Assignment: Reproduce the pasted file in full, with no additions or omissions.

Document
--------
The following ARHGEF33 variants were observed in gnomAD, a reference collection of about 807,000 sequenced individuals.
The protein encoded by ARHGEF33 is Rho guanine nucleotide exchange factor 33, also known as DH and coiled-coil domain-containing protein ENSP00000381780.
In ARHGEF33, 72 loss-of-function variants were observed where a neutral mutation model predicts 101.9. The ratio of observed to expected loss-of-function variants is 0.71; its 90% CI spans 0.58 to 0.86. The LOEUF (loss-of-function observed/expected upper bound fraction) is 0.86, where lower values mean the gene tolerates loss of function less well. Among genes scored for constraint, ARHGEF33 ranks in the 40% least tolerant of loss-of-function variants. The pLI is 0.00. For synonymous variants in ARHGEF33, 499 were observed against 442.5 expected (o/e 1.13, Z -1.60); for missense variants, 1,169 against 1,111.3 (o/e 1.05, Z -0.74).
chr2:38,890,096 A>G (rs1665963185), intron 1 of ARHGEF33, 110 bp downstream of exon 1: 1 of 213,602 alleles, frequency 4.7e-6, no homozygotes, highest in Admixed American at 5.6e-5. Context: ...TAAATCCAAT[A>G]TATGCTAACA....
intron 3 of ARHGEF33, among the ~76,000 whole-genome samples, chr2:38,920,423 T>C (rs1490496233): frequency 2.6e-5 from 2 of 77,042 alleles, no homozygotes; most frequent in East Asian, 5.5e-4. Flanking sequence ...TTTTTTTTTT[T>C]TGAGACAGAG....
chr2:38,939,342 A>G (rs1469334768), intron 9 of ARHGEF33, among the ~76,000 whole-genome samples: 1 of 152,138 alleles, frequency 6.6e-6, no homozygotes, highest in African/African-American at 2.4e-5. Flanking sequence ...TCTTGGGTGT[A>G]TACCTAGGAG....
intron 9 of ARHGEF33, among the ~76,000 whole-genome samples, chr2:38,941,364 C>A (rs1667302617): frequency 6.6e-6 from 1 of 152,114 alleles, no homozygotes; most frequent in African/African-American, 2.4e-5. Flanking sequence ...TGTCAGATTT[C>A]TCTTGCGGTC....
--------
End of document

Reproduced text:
The following ARHGEF33 variants were observed in gnomAD, a reference collection of about 807,000 sequenced individuals.
The protein encoded by ARHGEF33 is Rho guanine nucleotide exchange factor 33, also known as DH and coiled-coil domain-containing protein ENSP00000381780.
In ARHGEF33, 72 loss-of-function variants were observed where a neutral mutation model predicts 101.9. The ratio of observed to expected loss-of-function variants is 0.71; its 90% CI spans 0.58 to 0.86. The LOEUF (loss-of-function observed/expected upper bound fraction) is 0.86, where lower values mean the gene tolerates loss of function less well. Among genes scored for constraint, ARHGEF33 ranks in the 40% least tolerant of loss-of-function variants. The pLI is 0.00. For synonymous variants in ARHGEF33, 499 were observed against 442.5 expected (o/e 1.13, Z -1.60); for missense variants, 1,169 against 1,111.3 (o/e 1.05, Z -0.74).
chr2:38,890,096 A>G (rs1665963185), intron 1 of ARHGEF33, 110 bp downstream of exon 1: 1 of 213,602 alleles, frequency 4.7e-6, no homozygotes, highest in Admixed American at 5.6e-5. Context: ...TAAATCCAAT[A>G]TATGCTAACA....
intron 3 of ARHGEF33, among the ~76,000 whole-genome samples, chr2:38,920,423 T>C (rs1490496233): frequency 2.6e-5 from 2 of 77,042 alleles, no homozygotes; most frequent in East Asian, 5.5e-4. Flanking sequence ...TTTTTTTTTT[T>C]TGAGACAGAG....
chr2:38,939,342 A>G (rs1469334768), intron 9 of ARHGEF33, among the ~76,000 whole-genome samples: 1 of 152,138 alleles, frequency 6.6e-6, no homozygotes, highest in African/African-American at 2.4e-5. Flanking sequence ...TCTTGGGTGT[A>G]TACCTAGGAG....
intron 9 of ARHGEF33, among the ~76,000 whole-genome samples, chr2:38,941,364 C>A (rs1667302617): frequency 6.6e-6 from 1 of 152,114 alleles, no homozygotes; most frequent in African/African-American, 2.4e-5. Flanking sequence ...TGTCAGATTT[C>A]TCTTGCGGTC....